"The cartoon is about Serena, it was about her poor behaviour".
The Herald Sun reported on Tuesday that Knight had been mentioned on Twitter almost 74,000 times following the cartoon's publication.
"If the self-appointed censors of Mark Knight get their way on his Serena William cartoon, our new politically correct life will be very boring indeed", the cover reads. Maybe there's a different understanding of cartooning in Australia to America...
On pulling down his account amidst uproar on Twitter, Knight revealed that he did it to protect his family from the abuse. Today it ran the cartoon again, this time on the front cover, along with depictions of more public figures, with commentary alongside each one about why "self-appointed censors" might not want to see them.
Mark Knight said the world has gone "crazy" over the depiction, which some said were similar to historical racist cartoons.
Damon Johnston, the Herald Sun editor, said the cartoon "rightly mocks poor behaviour by a tennis legend" and that "Mr Knight has the full support of everyone [at the paper]".
The Aussie cartoonist at the centre of an global firestorm over a "racist" depiction of Serena Williams says his wife and daughter have been targeted with death threats.
"I thought they went over the top".
"I don't think that Mark Knight sat down with his 64 Crayola super pack with hatred in his heart for Serena Williams. I find it really, a little offensive", added fellow Melbourne resident Nowal Kahsai.
But some said the controversy had gone too far.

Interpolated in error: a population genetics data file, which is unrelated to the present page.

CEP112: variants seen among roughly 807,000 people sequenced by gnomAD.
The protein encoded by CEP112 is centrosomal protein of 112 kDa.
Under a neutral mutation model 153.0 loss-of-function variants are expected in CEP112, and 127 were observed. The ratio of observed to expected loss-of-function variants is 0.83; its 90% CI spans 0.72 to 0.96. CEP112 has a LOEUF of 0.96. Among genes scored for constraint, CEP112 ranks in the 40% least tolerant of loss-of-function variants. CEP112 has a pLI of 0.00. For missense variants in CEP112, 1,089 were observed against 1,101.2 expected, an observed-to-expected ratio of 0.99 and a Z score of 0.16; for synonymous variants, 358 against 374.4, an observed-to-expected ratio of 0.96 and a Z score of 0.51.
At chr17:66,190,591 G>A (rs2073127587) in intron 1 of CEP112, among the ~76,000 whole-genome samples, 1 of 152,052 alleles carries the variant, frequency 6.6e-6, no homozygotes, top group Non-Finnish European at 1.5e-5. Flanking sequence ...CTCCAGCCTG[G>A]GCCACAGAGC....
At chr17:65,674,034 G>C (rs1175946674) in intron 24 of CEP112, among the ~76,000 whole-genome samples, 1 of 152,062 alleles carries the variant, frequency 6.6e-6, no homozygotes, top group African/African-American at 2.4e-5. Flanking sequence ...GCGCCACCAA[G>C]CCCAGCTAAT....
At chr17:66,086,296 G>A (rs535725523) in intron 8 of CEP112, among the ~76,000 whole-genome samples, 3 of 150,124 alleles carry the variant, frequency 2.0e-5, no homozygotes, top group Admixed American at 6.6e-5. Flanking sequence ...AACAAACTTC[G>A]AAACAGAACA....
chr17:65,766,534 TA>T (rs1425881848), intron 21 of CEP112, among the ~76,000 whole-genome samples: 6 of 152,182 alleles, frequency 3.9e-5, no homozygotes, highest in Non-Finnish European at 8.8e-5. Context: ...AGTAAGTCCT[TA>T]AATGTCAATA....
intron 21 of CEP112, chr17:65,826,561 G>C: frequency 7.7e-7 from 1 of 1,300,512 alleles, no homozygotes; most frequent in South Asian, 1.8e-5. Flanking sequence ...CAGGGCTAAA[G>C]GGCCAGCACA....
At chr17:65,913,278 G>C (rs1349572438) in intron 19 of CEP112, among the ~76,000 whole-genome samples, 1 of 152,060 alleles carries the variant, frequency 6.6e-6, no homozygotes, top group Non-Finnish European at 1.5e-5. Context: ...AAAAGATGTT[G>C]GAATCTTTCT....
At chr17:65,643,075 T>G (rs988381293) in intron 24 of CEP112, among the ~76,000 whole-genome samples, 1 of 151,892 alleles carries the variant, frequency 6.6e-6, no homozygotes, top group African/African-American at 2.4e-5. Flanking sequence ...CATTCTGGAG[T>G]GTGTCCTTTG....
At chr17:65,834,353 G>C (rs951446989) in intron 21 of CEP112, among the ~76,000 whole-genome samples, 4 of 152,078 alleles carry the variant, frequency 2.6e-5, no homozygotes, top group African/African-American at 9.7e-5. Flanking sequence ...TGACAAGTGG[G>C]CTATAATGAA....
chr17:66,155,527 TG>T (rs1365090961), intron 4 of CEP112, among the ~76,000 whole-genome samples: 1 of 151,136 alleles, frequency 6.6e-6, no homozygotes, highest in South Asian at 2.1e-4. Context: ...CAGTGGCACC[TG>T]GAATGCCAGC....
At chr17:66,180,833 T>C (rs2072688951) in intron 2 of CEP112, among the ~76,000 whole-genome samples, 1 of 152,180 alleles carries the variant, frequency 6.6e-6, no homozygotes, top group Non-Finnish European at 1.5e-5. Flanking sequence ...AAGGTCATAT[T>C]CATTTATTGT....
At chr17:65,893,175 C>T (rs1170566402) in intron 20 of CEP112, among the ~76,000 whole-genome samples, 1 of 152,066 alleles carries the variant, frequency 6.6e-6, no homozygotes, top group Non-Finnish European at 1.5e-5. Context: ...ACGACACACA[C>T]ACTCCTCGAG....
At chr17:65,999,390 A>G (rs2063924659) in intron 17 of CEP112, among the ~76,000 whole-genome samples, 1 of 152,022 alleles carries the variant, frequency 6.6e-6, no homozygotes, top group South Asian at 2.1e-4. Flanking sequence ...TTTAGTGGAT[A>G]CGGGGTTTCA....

An indignant Williams emphatically defended herself, denying she had cheated.
"This is his [Knight's] job, isn't it?"
"The art of editorial cartooning is a visual dialogue on the issues of the day, yet this cartoon grossly inaccurately depicts two women of colour at the US Open, one of the grandest stages of professional sports". "Some of them very, very amusing".
Writing in an opinion article for the New York Times, the 61-year-old Czech-born American said a higher standard needed to be observed when Williams called chair umpire Carlos Ramos a "thief" and was penalised a key game in the second set.
Melbourne-based tabloid The Herald Sun published a drawing by editorial cartoonist depicting Williams throwing a fit on the court and destroying her racquet after the 23-time grand slam champion lost in the final match of the US open to Naomi Osaka.
Williams was fined $17,000.
An Australian cartoonist faced withering criticism on Tuesday for portraying tennis superstar Serena Williams using - what Harry Potter author JK Rowling described as - "racist and sexist tropes".
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